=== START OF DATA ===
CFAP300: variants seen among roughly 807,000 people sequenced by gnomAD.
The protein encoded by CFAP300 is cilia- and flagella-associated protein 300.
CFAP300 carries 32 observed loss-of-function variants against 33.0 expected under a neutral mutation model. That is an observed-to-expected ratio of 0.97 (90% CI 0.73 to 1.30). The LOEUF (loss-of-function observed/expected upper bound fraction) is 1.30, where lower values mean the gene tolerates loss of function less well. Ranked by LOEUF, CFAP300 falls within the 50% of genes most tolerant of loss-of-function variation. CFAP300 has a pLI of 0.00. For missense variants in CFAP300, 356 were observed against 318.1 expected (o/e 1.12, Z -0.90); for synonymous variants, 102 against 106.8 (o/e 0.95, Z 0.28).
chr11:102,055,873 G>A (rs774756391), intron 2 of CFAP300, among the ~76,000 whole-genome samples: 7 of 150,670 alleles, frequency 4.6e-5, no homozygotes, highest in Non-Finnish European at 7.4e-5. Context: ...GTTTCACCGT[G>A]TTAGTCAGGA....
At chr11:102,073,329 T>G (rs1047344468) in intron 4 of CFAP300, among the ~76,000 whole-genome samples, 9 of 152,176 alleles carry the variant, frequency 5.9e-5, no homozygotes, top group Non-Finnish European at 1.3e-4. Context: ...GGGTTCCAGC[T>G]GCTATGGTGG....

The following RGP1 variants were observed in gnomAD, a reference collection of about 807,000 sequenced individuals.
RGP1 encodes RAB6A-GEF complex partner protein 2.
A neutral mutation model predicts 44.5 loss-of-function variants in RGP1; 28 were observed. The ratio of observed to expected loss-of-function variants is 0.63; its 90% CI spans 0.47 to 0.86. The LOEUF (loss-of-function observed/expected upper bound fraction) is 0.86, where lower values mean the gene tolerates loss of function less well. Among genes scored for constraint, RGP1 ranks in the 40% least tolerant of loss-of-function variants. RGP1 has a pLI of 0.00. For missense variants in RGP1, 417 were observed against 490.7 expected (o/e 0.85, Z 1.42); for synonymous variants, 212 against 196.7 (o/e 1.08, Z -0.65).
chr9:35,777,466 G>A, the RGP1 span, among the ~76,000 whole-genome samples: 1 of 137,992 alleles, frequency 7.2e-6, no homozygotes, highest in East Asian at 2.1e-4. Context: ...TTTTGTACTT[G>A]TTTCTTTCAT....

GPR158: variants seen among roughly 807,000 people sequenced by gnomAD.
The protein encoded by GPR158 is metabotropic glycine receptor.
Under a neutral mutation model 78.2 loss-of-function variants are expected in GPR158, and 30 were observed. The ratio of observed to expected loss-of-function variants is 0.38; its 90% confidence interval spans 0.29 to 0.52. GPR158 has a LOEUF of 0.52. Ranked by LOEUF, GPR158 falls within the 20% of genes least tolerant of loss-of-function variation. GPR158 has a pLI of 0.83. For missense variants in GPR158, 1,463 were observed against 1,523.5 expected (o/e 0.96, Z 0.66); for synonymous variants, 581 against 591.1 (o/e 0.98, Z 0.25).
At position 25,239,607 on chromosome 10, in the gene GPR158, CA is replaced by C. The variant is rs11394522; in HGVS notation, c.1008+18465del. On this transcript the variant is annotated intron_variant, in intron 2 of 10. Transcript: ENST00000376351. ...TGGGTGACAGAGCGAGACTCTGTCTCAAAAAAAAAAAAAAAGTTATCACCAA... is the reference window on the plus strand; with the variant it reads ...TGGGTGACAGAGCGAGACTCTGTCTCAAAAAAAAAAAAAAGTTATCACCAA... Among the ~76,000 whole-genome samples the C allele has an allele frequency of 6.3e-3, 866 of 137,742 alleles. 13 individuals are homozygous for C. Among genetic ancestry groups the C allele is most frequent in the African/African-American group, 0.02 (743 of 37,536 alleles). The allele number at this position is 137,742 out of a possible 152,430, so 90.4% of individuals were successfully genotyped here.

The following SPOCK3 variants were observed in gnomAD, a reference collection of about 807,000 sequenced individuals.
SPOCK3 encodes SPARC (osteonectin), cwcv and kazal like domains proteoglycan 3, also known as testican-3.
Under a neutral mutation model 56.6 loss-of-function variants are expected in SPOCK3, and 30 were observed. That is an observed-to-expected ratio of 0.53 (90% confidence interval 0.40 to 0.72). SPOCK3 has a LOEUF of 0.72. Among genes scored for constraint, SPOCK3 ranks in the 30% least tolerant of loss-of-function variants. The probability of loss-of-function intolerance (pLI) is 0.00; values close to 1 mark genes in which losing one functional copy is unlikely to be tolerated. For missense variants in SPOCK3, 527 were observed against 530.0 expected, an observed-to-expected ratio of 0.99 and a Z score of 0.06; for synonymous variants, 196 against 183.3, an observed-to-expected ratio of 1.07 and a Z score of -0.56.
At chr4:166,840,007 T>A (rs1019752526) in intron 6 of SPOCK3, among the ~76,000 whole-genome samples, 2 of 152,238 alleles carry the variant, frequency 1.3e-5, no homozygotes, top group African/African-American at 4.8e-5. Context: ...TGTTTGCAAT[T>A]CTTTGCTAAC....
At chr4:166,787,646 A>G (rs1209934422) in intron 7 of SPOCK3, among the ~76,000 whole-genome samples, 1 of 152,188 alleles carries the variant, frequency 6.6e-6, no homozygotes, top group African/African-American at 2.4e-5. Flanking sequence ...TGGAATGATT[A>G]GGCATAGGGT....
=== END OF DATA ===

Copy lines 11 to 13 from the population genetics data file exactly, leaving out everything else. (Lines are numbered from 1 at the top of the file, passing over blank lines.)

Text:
The protein encoded by GPR158 is metabotropic glycine receptor.
Under a neutral mutation model 78.2 loss-of-function variants are expected in GPR158, and 30 were observed. The ratio of observed to expected loss-of-function variants is 0.38; its 90% confidence interval spans 0.29 to 0.52. GPR158 has a LOEUF of 0.52. Ranked by LOEUF, GPR158 falls within the 20% of genes least tolerant of loss-of-function variation. GPR158 has a pLI of 0.83. For missense variants in GPR158, 1,463 were observed against 1,523.5 expected (o/e 0.96, Z 0.66); for synonymous variants, 581 against 591.1 (o/e 0.98, Z 0.25).
At position 25,239,607 on chromosome 10, in the gene GPR158, CA is replaced by C. The variant is rs11394522; in HGVS notation, c.1008+18465del. On this transcript the variant is annotated intron_variant, in intron 2 of 10. Transcript: ENST00000376351. ...TGGGTGACAGAGCGAGACTCTGTCTCAAAAAAAAAAAAAAAGTTATCACCAA... is the reference window on the plus strand; with the variant it reads ...TGGGTGACAGAGCGAGACTCTGTCTCAAAAAAAAAAAAAAGTTATCACCAA... Among the ~76,000 whole-genome samples the C allele has an allele frequency of 6.3e-3, 866 of 137,742 alleles. 13 individuals are homozygous for C. Among genetic ancestry groups the C allele is most frequent in the African/African-American group, 0.02 (743 of 37,536 alleles). The allele number at this position is 137,742 out of a possible 152,430, so 90.4% of individuals were successfully genotyped here.